Oshii was set to continue Kerberos saga with a tryst with animation, but the studios were shook on this count — they made him an offer he couldn’t refuse. Just please. No more Kerberos. Those live-action movies are so boring and they are drying us up. Take this property instead, this thing called Mobile Armored Riot Police.
So Mamoru Oshii went and did his strange cyberpunk film, but in his heart, the spirit of the Wolf was burning. The next Kerberos project went to director Hiroyuki Okiura, off a script straight from the source. It’s a stunning coincidence, because the Jin-Roh story is the most lucid of any Kerberos I’ve seen. So is this because of Okiura, or would an Oshii-directed Jin-Roh have been just the same?
Because we’re talking about a truly bizarre property. Japanese creatives in this industry tend to be taken by the idea of masterworks, whether Otomo with Akira, or Tezuka with Phoenix, and Oshii’s is less known but no less passionate. If only the rest of the world could see the series through his eyes, and so it’s ironic that when this passion shows through, it’s by the directorial vision of someone else.
In this slow-moving, somber, and moody film, romance and espionage are confused to fatal consequence in an alternate history Japan. It’s the 1950s, and for whatever reason, Germany has conquered Japan (effectively positioning Japan on the other side of a certain global divide), and we follow one Kazuki Fuse (Foo-Say), a member of the Kerberos Panzer Cops, riot police built like tanks but hard to hit.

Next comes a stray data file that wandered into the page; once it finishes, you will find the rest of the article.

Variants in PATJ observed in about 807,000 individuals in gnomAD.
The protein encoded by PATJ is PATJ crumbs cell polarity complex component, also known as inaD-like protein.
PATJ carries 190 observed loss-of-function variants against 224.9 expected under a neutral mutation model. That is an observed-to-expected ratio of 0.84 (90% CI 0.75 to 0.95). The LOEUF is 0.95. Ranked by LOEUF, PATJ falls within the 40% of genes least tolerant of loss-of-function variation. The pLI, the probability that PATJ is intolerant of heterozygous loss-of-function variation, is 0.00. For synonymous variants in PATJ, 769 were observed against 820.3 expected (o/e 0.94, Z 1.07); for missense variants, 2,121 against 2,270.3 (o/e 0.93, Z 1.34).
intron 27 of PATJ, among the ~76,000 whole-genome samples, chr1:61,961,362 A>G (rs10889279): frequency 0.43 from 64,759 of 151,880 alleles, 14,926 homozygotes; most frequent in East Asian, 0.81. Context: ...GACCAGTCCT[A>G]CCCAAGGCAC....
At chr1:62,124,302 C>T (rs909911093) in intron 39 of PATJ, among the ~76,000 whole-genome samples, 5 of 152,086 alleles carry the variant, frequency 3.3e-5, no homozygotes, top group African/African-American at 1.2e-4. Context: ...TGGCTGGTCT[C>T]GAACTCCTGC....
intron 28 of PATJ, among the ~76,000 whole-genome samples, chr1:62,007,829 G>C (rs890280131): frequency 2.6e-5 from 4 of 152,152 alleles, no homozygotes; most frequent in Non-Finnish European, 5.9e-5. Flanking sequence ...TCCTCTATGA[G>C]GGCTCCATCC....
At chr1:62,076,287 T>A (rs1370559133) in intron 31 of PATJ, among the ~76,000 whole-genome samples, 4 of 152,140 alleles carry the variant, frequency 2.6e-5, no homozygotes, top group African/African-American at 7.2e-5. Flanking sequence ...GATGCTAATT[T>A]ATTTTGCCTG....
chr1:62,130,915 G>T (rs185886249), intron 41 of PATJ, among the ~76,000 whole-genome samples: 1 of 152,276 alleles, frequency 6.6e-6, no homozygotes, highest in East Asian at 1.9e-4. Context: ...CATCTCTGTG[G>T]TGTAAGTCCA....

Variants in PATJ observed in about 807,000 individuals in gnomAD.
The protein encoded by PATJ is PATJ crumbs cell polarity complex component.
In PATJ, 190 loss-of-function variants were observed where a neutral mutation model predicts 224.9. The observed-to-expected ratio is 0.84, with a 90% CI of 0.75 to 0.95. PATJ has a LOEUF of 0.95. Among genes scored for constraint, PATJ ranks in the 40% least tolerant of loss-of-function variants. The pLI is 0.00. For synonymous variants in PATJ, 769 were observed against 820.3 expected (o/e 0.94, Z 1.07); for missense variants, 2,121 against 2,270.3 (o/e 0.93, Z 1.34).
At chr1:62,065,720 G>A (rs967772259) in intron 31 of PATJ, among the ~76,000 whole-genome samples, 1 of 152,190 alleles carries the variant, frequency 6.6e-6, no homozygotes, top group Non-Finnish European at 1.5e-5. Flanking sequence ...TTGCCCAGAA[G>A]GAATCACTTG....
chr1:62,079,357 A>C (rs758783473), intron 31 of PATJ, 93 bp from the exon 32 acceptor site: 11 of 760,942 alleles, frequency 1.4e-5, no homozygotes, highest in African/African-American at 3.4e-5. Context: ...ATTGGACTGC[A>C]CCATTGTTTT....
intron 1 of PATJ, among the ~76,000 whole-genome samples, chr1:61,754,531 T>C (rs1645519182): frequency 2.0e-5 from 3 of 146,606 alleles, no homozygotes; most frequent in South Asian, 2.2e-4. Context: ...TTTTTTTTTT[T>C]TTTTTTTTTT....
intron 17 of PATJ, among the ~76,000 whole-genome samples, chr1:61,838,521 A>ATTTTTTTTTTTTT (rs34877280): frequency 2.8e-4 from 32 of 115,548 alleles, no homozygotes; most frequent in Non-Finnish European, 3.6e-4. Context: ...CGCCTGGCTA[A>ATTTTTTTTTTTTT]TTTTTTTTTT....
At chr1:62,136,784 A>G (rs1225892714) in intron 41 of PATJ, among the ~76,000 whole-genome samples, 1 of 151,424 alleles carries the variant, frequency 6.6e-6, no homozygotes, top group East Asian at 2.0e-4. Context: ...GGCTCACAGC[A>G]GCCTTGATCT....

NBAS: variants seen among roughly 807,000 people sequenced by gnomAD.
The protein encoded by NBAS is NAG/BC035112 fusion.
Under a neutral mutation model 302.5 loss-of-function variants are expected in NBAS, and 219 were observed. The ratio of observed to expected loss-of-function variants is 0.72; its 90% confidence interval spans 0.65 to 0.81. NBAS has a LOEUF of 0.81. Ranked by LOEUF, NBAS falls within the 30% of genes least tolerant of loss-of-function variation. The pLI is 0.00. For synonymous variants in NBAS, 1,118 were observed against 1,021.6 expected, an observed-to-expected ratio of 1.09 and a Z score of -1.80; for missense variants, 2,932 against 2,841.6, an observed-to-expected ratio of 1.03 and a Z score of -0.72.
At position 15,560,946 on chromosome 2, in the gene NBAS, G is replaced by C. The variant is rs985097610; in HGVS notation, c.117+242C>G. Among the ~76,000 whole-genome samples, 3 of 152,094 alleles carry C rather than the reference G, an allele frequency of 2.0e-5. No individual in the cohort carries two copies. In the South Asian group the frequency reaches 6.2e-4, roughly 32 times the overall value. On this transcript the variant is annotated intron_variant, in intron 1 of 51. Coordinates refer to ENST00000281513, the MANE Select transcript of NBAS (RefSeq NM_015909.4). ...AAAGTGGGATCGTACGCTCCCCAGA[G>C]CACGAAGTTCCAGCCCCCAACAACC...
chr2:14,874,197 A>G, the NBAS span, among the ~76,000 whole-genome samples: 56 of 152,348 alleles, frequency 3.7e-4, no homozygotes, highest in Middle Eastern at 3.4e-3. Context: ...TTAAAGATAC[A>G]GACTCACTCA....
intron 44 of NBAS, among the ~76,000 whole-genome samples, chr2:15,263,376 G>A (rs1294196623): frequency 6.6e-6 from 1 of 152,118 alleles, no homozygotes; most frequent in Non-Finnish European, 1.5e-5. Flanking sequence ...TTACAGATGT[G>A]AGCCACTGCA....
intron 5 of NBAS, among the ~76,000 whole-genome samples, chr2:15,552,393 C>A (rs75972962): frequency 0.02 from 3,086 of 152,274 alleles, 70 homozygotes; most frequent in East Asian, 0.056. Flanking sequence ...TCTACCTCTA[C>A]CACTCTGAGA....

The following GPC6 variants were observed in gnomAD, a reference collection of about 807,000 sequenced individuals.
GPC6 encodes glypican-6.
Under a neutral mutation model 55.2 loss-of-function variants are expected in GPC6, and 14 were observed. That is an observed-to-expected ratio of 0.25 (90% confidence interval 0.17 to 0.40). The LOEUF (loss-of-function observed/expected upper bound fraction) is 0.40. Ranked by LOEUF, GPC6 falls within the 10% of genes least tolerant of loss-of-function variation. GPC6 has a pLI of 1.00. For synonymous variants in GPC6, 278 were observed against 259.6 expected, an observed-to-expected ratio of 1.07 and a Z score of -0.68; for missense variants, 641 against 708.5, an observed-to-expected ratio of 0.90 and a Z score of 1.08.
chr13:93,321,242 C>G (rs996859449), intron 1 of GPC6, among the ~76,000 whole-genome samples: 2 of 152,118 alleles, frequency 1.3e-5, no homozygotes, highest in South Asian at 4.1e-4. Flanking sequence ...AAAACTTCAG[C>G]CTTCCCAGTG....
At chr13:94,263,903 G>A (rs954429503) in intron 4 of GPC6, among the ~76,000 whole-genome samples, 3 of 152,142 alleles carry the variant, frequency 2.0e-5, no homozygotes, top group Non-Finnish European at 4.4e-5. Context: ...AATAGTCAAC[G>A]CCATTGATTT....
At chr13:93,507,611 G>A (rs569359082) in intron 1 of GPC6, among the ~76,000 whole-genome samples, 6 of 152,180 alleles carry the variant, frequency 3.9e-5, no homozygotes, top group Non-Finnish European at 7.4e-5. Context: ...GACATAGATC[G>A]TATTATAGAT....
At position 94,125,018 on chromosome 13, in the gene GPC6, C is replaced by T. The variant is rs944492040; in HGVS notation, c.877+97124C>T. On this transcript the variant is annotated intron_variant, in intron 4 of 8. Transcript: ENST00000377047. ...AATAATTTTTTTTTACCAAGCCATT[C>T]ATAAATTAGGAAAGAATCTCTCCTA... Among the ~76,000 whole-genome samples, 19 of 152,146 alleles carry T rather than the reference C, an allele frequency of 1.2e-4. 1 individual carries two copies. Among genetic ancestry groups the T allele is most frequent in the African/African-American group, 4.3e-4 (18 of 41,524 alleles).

They pursue a bomb courier in the rioting streets, in an opening reminiscent of Akira. The big tank police with gas masks you might recognize from the Killzone games chase her into the sewer, where she detonates, blowing up herself and Fuse, who was extending his hand with a simple, strained question: “Why?” He doesn’t shoot her. Is it hesitation? Could it be humanity?
That armor is pretty good, though it doesn’t seem to absorb the impact of paintballs too well. Regardless, in the meantime, Fuse is back and soon meets the dead girl’s sister, Kei. They fall in love, reading Little Red Riding Hood, that story about the wolf who takes on the appearance of the eponymous Little’s gramma.
This central romance is threatened by political maneuvering, and neither Fuse nor Kei are who they seem. It’s a twisty and complex story that’s confidently told, assumedly the immense but wandering intelligence of Oshii, now reined in by a fellow creator. But for all the assassinations, traps, and undercover ops, in the end, this is a tale of humanity.
A transformation from man to wolf is truly at the story’s center, and the question this movie asks alongside it, which a movie like American Hustle never seemed to posit — is whether, in spite of all the deception, this is truly love? Tragically, yes. A soldier is born, pieces are moved into place over the bodies of traitorous police, and the Wolf Brigade has its new monster.
This is a perfect film, and its themes and visuals appeal to me in a very specific way. But what ultimately sticks with me are the more seemingly ephemeral things. The weak smile of Atsushi, the feeling of distant hope in Kei’s voice, and the music. The mood effected by these is palpable, sad and dreamy all at once.
It’s another episode in the ongoing Kerberos narrative, however non-linear such a thing is. And yet, for this one moment, not overly important as an event in the fictional world, we in the audience are able to understand what it is Oshii sees in the gas masks and the German aesthetic, the dystopic police and their sundry dramas. They’re not men disguised as mere dogs, they’re wolves disguised as men — and never before has such a badass idea held such emotional meaning…